In my experience, insurers are more concerned when a property is located in an area which has a history of regular flooding.

What happened in Llandudno was a one-off 25 years ago and has not happened since.

That's tempting fate Bri, they said something similar about the floods in Llandudno Junction and then put some flood defences in and said that a flood would happen only once in a 100 years.

Unfortunately I think that it flooded again the following year

I'd make two points: the first is that probability is an interesting branch of mathematics, and, although it does, indeed, even out to the predicted outcomes over time, there's nothing within probability that says you can't have seven very bad flood years in a row. It's exactly the same as flipping a coin, where the probability of heads or tails is the same - 50/50 or 50%. However, it's often possible to land several heads in a row.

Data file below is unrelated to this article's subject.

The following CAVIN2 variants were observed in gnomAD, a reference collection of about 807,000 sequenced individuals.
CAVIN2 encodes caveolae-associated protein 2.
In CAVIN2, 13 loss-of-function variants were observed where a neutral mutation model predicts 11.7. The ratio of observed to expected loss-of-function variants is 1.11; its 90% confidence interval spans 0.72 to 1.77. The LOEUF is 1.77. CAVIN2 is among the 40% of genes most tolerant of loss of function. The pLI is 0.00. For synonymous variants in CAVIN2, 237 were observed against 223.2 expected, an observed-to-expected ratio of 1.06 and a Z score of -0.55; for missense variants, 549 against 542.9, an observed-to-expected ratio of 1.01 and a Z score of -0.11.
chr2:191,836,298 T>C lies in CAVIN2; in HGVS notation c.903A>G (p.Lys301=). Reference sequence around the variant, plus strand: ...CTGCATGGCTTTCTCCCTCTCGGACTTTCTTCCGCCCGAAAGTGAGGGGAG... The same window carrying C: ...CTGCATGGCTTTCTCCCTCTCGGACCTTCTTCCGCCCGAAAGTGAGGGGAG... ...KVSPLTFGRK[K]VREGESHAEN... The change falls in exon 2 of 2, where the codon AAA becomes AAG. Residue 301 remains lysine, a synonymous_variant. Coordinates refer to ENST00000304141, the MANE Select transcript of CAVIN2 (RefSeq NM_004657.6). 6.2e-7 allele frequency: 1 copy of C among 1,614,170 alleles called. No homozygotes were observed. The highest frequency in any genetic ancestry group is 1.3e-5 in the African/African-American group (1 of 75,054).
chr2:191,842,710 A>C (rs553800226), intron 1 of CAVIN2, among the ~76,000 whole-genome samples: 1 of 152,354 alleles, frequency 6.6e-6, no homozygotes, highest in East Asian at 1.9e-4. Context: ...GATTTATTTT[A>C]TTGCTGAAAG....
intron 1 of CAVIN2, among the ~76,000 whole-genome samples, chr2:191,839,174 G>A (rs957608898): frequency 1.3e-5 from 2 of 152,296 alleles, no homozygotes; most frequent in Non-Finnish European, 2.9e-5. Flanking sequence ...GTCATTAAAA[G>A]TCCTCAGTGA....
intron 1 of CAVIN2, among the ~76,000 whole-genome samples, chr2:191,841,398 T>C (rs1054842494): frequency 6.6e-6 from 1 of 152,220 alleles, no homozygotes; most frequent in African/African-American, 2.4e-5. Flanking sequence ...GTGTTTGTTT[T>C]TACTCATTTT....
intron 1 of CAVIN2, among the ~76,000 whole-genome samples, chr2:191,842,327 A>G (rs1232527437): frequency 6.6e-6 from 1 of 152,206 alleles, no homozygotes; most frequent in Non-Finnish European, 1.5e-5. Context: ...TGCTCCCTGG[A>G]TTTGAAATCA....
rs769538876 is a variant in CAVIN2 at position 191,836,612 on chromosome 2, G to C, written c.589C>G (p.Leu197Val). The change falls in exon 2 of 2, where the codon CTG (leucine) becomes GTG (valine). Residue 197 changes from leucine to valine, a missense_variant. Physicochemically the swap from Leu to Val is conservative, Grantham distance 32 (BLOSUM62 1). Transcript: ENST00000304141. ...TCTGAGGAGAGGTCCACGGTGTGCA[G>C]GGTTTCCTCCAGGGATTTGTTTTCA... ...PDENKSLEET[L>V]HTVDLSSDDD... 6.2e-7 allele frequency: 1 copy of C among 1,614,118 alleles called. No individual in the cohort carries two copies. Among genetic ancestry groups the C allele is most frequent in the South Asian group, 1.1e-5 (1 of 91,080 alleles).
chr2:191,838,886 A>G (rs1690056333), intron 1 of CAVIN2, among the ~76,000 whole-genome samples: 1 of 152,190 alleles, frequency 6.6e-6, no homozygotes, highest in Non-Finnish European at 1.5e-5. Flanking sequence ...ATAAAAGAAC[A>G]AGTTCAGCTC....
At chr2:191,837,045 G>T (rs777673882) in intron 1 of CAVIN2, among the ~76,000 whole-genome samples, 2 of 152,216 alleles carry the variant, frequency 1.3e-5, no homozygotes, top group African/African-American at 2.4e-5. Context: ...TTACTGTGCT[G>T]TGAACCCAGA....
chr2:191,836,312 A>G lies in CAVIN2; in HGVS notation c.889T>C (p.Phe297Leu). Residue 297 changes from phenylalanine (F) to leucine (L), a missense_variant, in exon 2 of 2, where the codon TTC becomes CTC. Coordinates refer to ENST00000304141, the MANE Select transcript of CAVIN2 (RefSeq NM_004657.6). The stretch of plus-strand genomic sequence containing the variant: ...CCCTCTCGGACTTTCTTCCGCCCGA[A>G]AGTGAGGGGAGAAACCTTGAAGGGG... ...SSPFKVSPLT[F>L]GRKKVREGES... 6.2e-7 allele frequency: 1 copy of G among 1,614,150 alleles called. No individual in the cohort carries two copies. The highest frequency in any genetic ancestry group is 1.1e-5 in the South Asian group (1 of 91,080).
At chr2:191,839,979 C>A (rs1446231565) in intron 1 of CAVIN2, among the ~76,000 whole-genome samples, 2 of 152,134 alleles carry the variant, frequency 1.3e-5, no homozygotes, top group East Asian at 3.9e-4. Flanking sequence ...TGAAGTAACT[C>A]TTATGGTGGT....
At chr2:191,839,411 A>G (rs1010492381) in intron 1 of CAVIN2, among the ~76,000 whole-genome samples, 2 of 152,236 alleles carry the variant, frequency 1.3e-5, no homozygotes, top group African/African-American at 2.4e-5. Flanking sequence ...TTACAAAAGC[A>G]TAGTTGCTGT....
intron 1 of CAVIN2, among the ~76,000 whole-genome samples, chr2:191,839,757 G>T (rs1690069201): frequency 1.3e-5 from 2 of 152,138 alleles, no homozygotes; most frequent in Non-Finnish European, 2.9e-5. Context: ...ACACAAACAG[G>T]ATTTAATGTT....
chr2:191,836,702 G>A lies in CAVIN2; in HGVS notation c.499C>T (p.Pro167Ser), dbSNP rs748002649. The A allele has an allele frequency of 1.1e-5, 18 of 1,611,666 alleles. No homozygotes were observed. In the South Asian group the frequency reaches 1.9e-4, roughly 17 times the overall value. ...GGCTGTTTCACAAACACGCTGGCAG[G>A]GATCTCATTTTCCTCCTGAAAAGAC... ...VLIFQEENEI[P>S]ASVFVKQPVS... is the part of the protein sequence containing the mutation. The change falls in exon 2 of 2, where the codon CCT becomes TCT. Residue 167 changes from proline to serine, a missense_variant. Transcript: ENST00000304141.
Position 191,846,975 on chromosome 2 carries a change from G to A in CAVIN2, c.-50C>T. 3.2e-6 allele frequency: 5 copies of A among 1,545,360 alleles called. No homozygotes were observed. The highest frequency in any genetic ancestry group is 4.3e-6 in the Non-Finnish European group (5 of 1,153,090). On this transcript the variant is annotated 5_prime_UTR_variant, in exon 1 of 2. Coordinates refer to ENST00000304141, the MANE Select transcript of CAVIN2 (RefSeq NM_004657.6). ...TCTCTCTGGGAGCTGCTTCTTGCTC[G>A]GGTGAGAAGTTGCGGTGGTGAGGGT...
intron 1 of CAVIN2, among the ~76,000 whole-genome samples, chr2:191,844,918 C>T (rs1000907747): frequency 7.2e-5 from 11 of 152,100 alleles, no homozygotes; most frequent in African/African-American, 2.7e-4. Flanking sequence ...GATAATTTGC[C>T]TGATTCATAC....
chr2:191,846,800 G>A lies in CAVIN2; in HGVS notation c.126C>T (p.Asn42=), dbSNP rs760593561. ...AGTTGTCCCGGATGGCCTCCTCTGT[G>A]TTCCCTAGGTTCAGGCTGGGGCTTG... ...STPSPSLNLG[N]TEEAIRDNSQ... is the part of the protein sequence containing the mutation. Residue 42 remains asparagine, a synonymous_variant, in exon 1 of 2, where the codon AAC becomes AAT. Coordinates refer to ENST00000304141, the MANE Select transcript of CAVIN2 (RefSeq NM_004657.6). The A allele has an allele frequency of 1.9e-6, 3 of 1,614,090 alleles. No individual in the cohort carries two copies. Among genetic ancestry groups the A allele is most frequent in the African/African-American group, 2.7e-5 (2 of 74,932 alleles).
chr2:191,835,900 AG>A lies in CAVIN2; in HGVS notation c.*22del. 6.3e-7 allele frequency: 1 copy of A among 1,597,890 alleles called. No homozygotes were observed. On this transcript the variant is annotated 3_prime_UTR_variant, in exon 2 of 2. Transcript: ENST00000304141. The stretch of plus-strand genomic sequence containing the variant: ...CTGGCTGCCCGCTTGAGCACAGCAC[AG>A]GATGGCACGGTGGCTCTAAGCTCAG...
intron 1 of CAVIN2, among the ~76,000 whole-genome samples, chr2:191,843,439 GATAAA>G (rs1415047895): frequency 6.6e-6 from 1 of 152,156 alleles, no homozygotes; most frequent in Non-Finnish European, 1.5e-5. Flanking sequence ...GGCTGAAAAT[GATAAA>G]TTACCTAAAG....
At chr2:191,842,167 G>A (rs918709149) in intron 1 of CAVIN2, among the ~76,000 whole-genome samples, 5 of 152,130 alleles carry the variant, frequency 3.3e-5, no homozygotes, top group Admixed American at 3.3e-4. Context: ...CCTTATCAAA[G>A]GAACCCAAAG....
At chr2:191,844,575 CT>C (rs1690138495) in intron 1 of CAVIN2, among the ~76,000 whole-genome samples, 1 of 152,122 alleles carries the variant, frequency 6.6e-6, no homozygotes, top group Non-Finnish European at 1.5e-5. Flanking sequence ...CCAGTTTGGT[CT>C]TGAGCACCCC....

In the case of the flooding, so long as you only had a couple of events during a 200-year period, they could be in adjacent years.

The second point is that it's been long known that the incidence of extreme events will increase as global temperatures increase. We know that global temperatures have been rising steadily for some years and one interesting consequence of that for us is that our climate will become wetter and colder.

But Bayesian probability underpins the entire science of meteorology and it's been shown to work pretty well. Insurers are supposed to work from Bayesian probability but base all their costs on statistics and hence epistemic probability.

So in short, don't bet on there being no repeat of lousy weather...